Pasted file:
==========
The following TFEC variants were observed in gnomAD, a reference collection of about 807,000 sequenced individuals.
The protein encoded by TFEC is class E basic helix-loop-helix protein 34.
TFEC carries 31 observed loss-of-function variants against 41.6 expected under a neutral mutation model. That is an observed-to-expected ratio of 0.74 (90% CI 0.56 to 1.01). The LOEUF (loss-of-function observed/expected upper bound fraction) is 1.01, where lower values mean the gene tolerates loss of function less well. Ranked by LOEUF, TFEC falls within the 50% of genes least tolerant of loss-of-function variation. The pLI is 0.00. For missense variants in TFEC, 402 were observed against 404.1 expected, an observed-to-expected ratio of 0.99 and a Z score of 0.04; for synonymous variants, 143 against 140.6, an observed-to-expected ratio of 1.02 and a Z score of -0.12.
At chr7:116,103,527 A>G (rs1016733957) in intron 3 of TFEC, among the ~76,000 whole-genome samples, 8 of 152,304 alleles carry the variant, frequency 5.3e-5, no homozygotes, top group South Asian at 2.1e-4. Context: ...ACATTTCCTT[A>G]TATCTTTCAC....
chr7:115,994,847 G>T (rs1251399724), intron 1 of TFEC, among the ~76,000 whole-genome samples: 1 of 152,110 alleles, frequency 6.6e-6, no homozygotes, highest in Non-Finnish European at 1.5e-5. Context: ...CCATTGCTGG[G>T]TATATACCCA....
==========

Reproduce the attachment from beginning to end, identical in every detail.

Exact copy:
The following TFEC variants were observed in gnomAD, a reference collection of about 807,000 sequenced individuals.
The protein encoded by TFEC is class E basic helix-loop-helix protein 34.
TFEC carries 31 observed loss-of-function variants against 41.6 expected under a neutral mutation model. That is an observed-to-expected ratio of 0.74 (90% CI 0.56 to 1.01). The LOEUF (loss-of-function observed/expected upper bound fraction) is 1.01, where lower values mean the gene tolerates loss of function less well. Ranked by LOEUF, TFEC falls within the 50% of genes least tolerant of loss-of-function variation. The pLI is 0.00. For missense variants in TFEC, 402 were observed against 404.1 expected, an observed-to-expected ratio of 0.99 and a Z score of 0.04; for synonymous variants, 143 against 140.6, an observed-to-expected ratio of 1.02 and a Z score of -0.12.
At chr7:116,103,527 A>G (rs1016733957) in intron 3 of TFEC, among the ~76,000 whole-genome samples, 8 of 152,304 alleles carry the variant, frequency 5.3e-5, no homozygotes, top group South Asian at 2.1e-4. Context: ...ACATTTCCTT[A>G]TATCTTTCAC....
chr7:115,994,847 G>T (rs1251399724), intron 1 of TFEC, among the ~76,000 whole-genome samples: 1 of 152,110 alleles, frequency 6.6e-6, no homozygotes, highest in Non-Finnish European at 1.5e-5. Context: ...CCATTGCTGG[G>T]TATATACCCA....